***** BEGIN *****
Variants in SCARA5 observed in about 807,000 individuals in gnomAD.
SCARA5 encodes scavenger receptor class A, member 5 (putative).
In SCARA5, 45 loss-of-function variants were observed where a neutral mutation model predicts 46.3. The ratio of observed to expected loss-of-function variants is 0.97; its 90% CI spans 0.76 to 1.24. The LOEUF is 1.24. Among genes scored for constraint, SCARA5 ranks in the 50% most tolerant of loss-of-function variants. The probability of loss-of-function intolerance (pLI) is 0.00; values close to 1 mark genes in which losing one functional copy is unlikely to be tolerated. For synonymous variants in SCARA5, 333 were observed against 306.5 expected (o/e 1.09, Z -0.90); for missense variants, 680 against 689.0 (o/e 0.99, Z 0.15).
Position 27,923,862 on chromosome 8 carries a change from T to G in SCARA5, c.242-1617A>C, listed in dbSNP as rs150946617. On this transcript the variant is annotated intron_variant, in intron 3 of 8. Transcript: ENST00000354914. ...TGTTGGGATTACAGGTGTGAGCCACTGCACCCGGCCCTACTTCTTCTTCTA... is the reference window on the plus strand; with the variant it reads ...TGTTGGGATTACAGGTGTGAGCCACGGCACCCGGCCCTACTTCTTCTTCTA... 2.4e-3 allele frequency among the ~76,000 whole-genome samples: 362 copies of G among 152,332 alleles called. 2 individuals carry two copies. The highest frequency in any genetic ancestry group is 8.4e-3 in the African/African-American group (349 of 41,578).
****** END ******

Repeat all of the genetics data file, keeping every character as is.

Variants in SCARA5 observed in about 807,000 individuals in gnomAD.
SCARA5 encodes scavenger receptor class A, member 5 (putative).
In SCARA5, 45 loss-of-function variants were observed where a neutral mutation model predicts 46.3. The ratio of observed to expected loss-of-function variants is 0.97; its 90% CI spans 0.76 to 1.24. The LOEUF is 1.24. Among genes scored for constraint, SCARA5 ranks in the 50% most tolerant of loss-of-function variants. The probability of loss-of-function intolerance (pLI) is 0.00; values close to 1 mark genes in which losing one functional copy is unlikely to be tolerated. For synonymous variants in SCARA5, 333 were observed against 306.5 expected (o/e 1.09, Z -0.90); for missense variants, 680 against 689.0 (o/e 0.99, Z 0.15).
Position 27,923,862 on chromosome 8 carries a change from T to G in SCARA5, c.242-1617A>C, listed in dbSNP as rs150946617. On this transcript the variant is annotated intron_variant, in intron 3 of 8. Transcript: ENST00000354914. ...TGTTGGGATTACAGGTGTGAGCCACTGCACCCGGCCCTACTTCTTCTTCTA... is the reference window on the plus strand; with the variant it reads ...TGTTGGGATTACAGGTGTGAGCCACGGCACCCGGCCCTACTTCTTCTTCTA... 2.4e-3 allele frequency among the ~76,000 whole-genome samples: 362 copies of G among 152,332 alleles called. 2 individuals carry two copies. The highest frequency in any genetic ancestry group is 8.4e-3 in the African/African-American group (349 of 41,578).